The coverage of cancer in the Israeli press

A. Kuten, N. Haim, E. Lev, G. Weimann

Research output: Contribution to journalArticlepeer-review


Background: Cancer, being a terminal and often incurable disease, is a source of fear and concern for people. One of the most important sources for medical information in general, and cancer specifically, is the mass media. The media can shape beliefs regarding health and influence people's decision making. The main hypothesis guiding this study, based on the theoretical framework of cultivation research, is that there will be considerable differences between media coverage and medical data regarding cancer in the Israeli population in terms of the types of cancer reported, and the emphasis on death in the context of the disease. Methods: A systematic content analysis was applied to test these hypotheses, examining all the press reports published in Israel's most popular daily newspapers during the year 2000. Data from the Israeli Ministry of Health was used for comparison with media reports. Results: The findings of the study are in accordance with the main hypothesis and show that media portrayals of cancer are not always reflecting the medical reality. Several explanations are offered to explain these findings, focusing mainly on the nature of news making and media selection as well on the impact of various interest groups such as pharmaceutical companies, hospitals, laboratories, oncology departments, and various organizations trying to promote awareness and raise funds for research. Conclusions: The findings of this study join a wide range of studies in different areas of human knowledge and judgments that have documented processes of constructing “mass-mediated realities” but in the case of a fatal disease the findings may have acute implications.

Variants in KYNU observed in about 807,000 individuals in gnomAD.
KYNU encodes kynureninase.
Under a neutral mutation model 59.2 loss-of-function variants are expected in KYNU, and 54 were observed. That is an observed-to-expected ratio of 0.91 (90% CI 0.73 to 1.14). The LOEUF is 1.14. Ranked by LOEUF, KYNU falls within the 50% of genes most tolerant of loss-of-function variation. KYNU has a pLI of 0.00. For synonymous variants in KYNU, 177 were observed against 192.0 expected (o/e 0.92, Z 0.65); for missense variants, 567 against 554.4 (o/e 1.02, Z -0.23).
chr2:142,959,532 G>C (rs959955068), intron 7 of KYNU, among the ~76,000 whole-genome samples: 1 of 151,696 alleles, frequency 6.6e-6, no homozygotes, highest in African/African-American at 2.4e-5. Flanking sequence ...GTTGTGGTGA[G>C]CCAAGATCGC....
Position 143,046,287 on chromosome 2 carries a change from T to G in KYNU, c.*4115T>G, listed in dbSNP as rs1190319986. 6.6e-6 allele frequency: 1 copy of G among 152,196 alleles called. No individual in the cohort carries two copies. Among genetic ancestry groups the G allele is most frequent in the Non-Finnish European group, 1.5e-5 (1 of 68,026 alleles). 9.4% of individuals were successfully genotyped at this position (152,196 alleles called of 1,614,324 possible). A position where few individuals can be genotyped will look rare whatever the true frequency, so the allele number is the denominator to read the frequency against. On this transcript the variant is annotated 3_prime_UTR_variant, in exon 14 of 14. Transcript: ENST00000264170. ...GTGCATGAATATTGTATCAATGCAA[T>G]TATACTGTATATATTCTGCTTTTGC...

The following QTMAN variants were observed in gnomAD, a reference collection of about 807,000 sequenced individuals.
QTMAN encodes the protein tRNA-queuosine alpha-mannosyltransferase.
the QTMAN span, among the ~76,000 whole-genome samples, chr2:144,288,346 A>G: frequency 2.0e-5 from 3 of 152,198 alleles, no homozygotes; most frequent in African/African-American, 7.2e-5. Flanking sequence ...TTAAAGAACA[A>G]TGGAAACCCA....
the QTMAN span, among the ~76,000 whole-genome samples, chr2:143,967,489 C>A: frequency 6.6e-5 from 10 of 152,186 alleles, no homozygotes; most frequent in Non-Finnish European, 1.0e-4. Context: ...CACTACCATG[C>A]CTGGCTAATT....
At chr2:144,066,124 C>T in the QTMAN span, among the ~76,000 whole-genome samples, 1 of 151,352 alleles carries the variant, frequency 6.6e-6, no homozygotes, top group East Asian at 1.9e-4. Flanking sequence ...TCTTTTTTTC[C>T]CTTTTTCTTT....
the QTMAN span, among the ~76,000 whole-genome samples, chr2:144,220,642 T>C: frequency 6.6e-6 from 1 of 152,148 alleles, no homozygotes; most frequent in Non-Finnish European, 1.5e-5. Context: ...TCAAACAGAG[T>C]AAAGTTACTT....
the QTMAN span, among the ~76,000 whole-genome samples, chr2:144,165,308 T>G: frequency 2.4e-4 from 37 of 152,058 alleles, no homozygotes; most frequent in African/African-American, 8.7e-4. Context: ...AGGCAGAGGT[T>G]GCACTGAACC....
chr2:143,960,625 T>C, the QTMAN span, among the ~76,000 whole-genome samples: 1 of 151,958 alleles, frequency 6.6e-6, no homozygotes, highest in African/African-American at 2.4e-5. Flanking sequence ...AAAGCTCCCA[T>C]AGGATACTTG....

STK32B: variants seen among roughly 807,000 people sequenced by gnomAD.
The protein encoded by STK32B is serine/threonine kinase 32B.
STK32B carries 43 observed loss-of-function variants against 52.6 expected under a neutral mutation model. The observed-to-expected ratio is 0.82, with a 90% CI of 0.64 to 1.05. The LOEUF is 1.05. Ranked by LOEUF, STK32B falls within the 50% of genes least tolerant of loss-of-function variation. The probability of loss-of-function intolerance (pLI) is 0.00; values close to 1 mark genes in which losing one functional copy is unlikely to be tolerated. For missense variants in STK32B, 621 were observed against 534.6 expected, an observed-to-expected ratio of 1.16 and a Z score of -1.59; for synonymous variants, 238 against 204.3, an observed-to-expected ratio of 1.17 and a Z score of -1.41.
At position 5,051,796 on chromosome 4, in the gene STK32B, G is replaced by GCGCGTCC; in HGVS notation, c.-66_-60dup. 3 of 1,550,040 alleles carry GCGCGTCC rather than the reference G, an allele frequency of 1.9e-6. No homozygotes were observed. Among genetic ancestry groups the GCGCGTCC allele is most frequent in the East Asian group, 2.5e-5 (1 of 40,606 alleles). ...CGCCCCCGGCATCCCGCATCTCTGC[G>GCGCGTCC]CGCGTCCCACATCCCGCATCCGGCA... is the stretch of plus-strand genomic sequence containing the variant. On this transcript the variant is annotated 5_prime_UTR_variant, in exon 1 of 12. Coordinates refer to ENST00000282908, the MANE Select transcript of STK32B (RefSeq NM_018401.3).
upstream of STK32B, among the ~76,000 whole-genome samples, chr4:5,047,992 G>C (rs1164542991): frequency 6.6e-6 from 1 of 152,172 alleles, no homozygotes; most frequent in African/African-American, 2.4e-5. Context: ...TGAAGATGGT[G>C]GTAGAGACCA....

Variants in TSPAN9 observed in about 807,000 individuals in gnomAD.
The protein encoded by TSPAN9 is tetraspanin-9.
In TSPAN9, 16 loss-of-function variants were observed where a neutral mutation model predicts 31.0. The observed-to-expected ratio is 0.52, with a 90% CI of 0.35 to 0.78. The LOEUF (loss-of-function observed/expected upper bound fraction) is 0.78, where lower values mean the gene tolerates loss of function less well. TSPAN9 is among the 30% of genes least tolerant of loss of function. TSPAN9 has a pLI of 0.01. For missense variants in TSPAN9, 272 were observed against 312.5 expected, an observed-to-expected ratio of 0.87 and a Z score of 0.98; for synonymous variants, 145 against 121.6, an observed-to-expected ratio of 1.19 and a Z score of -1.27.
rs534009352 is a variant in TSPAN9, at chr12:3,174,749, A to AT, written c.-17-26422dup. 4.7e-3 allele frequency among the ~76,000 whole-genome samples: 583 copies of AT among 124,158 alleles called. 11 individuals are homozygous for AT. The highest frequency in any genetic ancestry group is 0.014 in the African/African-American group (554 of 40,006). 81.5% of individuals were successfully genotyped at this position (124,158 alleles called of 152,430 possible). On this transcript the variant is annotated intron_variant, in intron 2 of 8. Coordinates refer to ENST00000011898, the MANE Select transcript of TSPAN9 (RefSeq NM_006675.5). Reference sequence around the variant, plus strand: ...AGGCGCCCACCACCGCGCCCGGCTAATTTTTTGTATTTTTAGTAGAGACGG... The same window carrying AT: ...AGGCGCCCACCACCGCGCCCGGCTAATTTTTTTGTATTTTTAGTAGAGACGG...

Original languageEnglish
Pages (from-to)542S-542S
JournalJournal of Clinical Oncology
Issue number14_suppl
StatePublished - 2004


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